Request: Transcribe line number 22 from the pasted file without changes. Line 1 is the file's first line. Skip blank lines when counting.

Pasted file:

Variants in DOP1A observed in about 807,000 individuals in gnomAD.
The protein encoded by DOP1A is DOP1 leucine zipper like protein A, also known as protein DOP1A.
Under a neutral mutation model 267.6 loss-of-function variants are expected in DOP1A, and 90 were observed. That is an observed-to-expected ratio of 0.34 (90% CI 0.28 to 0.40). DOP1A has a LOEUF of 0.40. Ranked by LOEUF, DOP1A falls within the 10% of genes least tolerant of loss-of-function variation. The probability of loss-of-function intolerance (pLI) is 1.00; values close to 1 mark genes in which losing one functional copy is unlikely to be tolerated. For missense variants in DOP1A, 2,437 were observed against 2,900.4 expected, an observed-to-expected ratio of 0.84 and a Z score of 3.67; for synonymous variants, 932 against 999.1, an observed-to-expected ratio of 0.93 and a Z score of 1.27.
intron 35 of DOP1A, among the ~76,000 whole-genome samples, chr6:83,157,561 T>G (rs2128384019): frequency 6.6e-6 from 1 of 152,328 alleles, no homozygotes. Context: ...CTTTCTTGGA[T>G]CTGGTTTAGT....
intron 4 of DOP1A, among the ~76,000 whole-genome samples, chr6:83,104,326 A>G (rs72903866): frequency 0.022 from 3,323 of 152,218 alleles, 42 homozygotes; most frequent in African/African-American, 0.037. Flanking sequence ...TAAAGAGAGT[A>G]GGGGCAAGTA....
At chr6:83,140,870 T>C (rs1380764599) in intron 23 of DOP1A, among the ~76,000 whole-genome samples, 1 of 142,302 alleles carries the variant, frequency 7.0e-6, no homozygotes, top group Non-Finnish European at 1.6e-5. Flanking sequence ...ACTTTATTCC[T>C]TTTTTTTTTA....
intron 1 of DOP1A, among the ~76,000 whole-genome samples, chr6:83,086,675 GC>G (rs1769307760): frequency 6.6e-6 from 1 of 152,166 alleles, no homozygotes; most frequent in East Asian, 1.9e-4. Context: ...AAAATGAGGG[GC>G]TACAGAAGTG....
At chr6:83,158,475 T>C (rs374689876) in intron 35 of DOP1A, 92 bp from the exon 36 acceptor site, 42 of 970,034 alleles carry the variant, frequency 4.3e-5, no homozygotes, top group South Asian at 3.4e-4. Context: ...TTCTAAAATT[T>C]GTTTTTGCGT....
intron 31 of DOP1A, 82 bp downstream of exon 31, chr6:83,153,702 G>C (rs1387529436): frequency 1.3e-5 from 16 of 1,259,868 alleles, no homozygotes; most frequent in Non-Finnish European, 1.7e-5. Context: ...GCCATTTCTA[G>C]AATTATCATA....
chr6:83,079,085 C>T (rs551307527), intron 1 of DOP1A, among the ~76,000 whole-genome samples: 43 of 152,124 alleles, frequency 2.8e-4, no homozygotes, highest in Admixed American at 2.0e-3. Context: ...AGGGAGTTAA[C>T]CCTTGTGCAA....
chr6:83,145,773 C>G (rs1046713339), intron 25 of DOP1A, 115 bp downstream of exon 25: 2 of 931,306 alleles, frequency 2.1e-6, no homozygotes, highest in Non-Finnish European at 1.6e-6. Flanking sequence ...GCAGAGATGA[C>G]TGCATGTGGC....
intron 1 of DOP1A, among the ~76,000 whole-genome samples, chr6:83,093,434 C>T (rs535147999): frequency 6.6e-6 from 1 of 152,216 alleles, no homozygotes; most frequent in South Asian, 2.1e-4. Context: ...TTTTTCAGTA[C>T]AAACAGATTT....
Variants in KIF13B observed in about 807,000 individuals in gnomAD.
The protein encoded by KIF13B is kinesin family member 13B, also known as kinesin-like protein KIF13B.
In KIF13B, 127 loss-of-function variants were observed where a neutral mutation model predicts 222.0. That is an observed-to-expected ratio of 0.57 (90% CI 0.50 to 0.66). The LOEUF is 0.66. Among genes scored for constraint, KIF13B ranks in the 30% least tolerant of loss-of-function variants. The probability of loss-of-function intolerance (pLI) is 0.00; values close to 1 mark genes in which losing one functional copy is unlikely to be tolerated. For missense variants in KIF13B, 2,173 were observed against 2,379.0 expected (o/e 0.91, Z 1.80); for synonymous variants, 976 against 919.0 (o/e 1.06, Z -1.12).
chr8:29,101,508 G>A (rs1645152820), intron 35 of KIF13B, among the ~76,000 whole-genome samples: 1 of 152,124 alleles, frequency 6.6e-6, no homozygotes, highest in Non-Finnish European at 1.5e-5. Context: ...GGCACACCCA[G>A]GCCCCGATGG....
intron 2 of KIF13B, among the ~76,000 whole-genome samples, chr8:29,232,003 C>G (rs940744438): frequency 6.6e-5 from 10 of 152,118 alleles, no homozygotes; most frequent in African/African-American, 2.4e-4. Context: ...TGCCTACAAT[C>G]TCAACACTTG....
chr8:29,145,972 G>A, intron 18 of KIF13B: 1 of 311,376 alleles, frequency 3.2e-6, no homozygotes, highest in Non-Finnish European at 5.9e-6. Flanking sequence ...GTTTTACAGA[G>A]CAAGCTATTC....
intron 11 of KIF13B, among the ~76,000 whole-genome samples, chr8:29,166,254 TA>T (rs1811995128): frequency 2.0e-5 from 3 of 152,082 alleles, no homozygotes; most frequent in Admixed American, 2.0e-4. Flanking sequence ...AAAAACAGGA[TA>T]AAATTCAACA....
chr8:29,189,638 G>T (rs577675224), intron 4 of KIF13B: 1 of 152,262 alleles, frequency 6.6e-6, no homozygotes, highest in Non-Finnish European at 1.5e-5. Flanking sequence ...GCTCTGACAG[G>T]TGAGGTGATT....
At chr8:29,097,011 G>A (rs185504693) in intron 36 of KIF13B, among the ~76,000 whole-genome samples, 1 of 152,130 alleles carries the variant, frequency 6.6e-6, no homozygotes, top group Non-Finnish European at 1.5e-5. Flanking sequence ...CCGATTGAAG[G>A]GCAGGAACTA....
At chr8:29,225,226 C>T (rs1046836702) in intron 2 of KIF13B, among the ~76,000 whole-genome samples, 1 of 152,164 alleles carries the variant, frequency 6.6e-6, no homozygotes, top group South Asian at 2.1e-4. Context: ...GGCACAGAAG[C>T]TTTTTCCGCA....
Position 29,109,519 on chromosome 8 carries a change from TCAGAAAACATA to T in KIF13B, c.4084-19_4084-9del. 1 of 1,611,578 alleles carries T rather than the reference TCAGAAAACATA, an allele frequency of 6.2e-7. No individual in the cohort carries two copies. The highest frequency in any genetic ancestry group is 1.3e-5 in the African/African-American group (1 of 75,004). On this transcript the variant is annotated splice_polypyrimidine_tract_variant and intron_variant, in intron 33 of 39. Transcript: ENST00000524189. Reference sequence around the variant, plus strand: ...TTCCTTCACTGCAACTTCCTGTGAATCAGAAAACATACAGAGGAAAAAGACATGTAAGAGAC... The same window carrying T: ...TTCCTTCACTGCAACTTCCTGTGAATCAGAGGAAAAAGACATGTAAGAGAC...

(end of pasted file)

At chr8:29,225,226 C>T (rs1046836702) in intron 2 of KIF13B, among the ~76,000 whole-genome samples, 1 of 152,164 alleles carries the variant, frequency 6.6e-6, no homozygotes, top group South Asian at 2.1e-4. Context: ...GGCACAGAAG[C>T]TTTTTCCGCA....